If you are itching for more views of the Tomonoura bay, hop over to Ioji Temple and climb up to the hill behind the temple to the Taishiden Hall. From the port, you can also take a short ferry ride to Sensuijima (仙酔島), which is an island in the middle of Japan’s first national park (the Seto Inland Sea National Park). Find the mysterious five-coloured rock that is unique to Sensuijima, hike up the rocks around the island and rejuvenate yourselves by going to the beach.


Access: From Hiroshima station, take the Shinkansen to JR Fukuyama station. Catch the bus to Tomo Port (鞆港) 
at bus stop #5, located in front of the station exit.

Onomichi City (尾道市)

Easily accessible by train from Fukuyama station, this little area is a haven for cyclists, especially since the opening of the highly anticipated ONOMICHI U2. The former prefectural maritime warehouse was given a new face and reopened as a resort of sorts for bicycle enthusiasts. Within the building lies a gift shop, a bicycle shop, several dining options and also a hotel (HOTEL CYCLE) with a gorgeous view of the Seto Inland Sea!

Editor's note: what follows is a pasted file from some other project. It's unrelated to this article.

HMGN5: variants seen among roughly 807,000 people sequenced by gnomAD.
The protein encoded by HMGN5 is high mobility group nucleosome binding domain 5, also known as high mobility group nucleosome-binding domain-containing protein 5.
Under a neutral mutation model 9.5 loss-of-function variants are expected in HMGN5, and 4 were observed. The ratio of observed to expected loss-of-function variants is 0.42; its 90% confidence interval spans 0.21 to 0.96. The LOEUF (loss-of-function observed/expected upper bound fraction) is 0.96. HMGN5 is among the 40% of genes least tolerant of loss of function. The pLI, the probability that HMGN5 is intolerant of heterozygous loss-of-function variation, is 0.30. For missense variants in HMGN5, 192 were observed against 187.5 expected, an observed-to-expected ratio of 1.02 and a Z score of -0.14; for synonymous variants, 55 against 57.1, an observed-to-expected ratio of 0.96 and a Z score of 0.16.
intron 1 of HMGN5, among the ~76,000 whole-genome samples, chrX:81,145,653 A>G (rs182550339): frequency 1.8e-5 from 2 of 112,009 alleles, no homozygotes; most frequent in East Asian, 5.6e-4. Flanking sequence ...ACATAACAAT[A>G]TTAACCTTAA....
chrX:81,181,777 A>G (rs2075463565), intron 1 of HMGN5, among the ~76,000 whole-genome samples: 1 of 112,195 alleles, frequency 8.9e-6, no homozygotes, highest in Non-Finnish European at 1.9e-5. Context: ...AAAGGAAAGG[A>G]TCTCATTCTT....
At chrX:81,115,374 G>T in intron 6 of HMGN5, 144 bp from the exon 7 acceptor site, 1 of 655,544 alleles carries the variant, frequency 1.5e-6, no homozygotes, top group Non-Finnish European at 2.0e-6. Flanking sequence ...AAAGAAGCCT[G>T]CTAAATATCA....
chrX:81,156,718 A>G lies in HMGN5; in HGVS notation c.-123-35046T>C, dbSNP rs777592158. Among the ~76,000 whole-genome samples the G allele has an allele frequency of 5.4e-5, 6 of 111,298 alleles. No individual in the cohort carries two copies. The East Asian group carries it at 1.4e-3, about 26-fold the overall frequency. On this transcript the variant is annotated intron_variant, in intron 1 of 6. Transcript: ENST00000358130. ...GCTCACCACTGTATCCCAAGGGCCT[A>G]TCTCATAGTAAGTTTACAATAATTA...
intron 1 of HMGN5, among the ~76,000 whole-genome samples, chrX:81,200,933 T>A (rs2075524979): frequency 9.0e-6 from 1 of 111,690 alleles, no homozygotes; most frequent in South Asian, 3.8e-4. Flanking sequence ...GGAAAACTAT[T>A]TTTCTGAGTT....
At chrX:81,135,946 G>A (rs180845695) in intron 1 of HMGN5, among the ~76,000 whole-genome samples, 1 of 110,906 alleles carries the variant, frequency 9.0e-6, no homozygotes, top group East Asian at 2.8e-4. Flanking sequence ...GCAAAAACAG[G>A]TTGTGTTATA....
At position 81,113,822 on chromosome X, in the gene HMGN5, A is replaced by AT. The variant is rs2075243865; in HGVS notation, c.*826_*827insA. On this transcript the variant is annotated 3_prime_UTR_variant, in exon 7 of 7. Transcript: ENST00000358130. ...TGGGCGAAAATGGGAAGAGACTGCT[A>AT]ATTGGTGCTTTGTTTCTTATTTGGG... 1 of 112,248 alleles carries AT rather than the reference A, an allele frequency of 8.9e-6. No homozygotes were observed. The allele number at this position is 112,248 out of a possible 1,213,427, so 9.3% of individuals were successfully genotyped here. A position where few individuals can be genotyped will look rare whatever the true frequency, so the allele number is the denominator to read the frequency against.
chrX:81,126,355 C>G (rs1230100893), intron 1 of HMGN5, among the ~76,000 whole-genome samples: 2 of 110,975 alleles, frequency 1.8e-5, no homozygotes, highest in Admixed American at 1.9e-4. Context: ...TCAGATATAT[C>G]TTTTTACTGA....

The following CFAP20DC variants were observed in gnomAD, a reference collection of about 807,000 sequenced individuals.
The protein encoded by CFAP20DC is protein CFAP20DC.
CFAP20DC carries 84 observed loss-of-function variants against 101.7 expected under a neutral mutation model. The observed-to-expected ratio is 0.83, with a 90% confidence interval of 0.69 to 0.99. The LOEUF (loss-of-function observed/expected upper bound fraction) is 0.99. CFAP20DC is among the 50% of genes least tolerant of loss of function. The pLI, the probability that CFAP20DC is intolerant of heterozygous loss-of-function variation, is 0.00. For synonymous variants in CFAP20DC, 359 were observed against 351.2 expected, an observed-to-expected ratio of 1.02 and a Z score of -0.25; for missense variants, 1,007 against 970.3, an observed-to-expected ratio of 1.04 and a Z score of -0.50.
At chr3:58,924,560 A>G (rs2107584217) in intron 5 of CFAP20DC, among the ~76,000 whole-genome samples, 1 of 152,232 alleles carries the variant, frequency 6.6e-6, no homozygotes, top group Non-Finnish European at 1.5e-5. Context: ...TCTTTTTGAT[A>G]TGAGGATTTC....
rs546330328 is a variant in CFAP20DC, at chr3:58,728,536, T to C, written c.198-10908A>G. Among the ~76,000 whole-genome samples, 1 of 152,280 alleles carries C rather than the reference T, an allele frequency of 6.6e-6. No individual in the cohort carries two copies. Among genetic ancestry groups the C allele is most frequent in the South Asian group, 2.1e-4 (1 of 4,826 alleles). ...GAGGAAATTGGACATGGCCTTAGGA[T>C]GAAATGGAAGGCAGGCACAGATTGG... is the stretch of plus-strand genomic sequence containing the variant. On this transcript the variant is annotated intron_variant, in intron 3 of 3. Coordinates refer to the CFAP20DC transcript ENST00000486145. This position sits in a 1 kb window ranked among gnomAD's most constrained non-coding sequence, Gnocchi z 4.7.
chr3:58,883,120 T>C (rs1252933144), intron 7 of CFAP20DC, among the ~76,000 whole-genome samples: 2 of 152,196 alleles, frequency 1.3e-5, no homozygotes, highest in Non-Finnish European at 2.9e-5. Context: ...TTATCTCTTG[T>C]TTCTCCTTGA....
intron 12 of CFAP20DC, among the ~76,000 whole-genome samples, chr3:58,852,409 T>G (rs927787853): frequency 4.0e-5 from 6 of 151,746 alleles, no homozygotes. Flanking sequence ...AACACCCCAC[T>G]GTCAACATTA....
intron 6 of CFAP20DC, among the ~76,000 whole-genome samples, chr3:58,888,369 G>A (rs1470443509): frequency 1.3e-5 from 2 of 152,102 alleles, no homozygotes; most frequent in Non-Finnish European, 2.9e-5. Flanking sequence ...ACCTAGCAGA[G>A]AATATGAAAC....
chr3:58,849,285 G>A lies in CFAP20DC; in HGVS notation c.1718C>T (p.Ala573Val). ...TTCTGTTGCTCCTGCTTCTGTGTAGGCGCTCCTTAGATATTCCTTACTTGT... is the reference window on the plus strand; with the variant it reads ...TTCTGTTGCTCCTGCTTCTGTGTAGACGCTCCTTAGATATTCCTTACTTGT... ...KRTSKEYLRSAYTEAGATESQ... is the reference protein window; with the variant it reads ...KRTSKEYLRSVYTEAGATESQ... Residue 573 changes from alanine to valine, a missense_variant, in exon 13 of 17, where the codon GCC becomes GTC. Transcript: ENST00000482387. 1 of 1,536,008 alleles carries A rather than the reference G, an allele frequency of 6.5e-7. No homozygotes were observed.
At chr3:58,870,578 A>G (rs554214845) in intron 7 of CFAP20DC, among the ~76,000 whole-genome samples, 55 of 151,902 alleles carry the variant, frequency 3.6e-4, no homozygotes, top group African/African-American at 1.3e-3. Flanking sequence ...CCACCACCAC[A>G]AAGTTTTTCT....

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Access: Approx. 5 mins walk from JR Onomichi Station.

Avid cyclists should definitely conquer the 60 km Shimanami Kaido (しまなみ海道), an expressway which links Honshu to Shikoku and 6 small islands via a chain of bridges. In particular, some consider the Kurushima-Kaikyo Bridge (来島海峡大橋) to be a work of art, and a marvel in engineering as it is the “world’s first three successive suspension bridges built in such a difficult location in the sea”. This road can only be accessed on foot or by a bicycle, which makes for a unique experience for holiday-goers!